The spat between banking regulators and the Securities and Exchange Commission over loan-loss reserves has outraged bankers, who argue that securities regulators have no business interfering in a safety-and- soundness issue.

Yet several experts said such conflicts are actually healthy for the industry, and that the cure-a super-regulator with nearly unlimited authority-would be worse than the problem.

Under the current system, each regulatory agency has its own mandate. As a result, they are more focused and able to implement policy more consistently than a single, jack-of-all-trades supervisor.

"I'm of the creative-conflict school," said Karen Shaw Petrou, president of the industry consulting firm ISD/Shaw Inc. "It makes more sense than having a banking czar."

"Often the conflict in the airing of policy results in a better approach because it blunts zealousness," said David W. Roderer, a partner in the Washington office of the law firm Goodwin, Procter & Hoar. "That is what we saw here in the loan-loss issue."

It is just one of many instances in which government agencies with differing agendas have imposed conflicting requirements on the industry.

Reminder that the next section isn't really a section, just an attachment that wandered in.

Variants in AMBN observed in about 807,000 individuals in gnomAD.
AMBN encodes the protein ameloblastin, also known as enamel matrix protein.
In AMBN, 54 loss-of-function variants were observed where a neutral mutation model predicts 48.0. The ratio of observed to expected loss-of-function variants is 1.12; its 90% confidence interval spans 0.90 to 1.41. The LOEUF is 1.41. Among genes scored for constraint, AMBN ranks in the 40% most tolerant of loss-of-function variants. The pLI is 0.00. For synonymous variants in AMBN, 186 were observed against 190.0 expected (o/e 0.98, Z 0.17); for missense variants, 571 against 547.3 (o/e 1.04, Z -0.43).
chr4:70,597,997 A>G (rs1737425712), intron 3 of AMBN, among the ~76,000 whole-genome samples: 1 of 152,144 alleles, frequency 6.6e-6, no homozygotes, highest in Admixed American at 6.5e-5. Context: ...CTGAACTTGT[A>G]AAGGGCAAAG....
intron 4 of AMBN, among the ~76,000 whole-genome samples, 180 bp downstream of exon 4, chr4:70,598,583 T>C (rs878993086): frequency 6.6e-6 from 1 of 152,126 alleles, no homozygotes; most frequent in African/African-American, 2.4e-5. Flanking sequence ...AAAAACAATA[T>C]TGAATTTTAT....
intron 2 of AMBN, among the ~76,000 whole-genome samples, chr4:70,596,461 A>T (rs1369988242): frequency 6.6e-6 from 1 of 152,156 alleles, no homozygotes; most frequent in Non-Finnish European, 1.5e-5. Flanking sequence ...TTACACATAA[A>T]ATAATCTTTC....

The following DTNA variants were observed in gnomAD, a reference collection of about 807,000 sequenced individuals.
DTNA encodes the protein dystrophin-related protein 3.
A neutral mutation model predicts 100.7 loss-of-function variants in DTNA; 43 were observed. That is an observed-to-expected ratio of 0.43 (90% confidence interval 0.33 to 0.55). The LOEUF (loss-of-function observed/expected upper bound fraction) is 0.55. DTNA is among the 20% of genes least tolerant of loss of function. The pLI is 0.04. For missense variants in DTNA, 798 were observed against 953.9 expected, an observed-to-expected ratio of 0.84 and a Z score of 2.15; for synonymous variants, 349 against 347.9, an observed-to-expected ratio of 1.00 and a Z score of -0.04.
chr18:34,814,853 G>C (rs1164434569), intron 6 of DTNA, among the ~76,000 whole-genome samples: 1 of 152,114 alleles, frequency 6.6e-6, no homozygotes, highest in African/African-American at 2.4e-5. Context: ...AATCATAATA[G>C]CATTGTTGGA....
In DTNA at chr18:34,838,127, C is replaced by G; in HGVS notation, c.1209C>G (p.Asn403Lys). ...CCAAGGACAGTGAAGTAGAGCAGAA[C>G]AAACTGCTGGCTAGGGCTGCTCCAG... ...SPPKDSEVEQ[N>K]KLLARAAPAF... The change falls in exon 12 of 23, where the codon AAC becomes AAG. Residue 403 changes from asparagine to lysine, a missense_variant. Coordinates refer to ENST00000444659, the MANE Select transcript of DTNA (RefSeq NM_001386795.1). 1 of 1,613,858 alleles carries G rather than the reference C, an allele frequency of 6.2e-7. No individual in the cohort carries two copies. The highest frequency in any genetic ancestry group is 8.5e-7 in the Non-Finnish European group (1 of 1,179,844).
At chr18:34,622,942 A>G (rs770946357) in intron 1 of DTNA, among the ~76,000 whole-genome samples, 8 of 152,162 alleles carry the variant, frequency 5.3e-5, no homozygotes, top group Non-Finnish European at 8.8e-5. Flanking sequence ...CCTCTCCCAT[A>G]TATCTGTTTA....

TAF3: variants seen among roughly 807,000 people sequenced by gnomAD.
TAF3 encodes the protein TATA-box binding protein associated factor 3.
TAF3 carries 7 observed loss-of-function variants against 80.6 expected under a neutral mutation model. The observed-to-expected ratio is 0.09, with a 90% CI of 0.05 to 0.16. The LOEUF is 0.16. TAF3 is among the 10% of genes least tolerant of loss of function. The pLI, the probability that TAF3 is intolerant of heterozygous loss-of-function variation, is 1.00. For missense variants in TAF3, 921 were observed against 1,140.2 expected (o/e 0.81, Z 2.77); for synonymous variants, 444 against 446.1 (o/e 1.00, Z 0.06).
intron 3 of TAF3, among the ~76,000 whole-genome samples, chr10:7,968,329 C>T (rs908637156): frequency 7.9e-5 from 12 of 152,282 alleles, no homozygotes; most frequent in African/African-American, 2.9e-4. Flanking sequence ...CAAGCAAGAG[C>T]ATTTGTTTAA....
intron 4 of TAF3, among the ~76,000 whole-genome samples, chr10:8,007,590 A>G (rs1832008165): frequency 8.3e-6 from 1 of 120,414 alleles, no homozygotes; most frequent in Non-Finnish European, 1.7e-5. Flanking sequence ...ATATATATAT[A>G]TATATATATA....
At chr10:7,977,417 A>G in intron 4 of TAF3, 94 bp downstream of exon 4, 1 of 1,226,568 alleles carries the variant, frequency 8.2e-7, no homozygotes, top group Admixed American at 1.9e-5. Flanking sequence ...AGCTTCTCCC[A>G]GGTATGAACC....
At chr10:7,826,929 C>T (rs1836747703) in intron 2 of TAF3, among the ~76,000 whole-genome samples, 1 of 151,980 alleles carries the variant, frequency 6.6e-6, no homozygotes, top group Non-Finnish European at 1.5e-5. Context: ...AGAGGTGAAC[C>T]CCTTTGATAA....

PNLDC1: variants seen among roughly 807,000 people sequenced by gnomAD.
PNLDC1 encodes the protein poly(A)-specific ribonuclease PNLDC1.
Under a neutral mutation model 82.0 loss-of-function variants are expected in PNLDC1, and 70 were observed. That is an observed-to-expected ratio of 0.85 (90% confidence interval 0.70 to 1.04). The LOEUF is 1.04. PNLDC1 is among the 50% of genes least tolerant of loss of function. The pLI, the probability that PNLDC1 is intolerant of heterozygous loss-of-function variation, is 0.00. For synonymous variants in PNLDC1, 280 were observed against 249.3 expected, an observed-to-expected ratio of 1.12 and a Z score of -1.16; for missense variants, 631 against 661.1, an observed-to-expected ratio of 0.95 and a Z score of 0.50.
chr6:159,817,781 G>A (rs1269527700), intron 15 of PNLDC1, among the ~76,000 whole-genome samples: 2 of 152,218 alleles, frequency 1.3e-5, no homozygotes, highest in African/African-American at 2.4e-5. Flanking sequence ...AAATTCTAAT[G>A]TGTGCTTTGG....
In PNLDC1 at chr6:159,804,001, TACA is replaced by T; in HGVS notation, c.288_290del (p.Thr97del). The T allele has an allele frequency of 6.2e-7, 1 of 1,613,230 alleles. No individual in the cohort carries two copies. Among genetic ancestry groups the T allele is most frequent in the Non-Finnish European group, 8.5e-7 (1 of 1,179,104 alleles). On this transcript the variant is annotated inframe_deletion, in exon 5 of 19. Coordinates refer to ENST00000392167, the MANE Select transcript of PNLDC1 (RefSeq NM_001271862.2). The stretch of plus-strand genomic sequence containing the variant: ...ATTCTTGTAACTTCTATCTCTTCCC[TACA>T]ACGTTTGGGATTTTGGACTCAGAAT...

"We have regulated institutions that get told one thing on fair-lending by banking regulators and another thing by the Department of Justice," said William J. Sweet, a partner in the Washington office of Skadden, Arps, Slate, Meagher & Flom. "Things like this happen all the time, and yet our system seems to survive."

The phenomenon is not limited to banking. Mr. Sweet said the Commerce Department tries to encourage overseas high technology sales while the Defense Department tries to limit them. Such tensions were even endorsed by the country's forefathers, who imposed checks and balances on the three branches of government.

"This is a result of our division of authority under the Constitution," he said. "It generally works, but not always."

A superregulator is needed only when the conflicting mandates of regulators are such that they significantly disrupt an industry, Mr. Roderer said.

"Are the problems so great to require a true dictatorial regime? I don't think so," he said. "For the most part, the agencies are able to work out their differences, even if it is occasionally a bit bloody."

Still, the chance of conflict is likely to increase. Financial reform legislation endorsed by much of the industry would give significantly more regulators authority over chunks of a bank's business. For instance, the latest reform plan would give state insurance commissioners authority to regulate some aspects of bank insurance sales, whereas the SEC would gain more power to monitor bank securities activities.

"It is an extremely imperfect system," Ms. Petrou conceded. But it beats the alternative, she said. "Perfection eludes us all."

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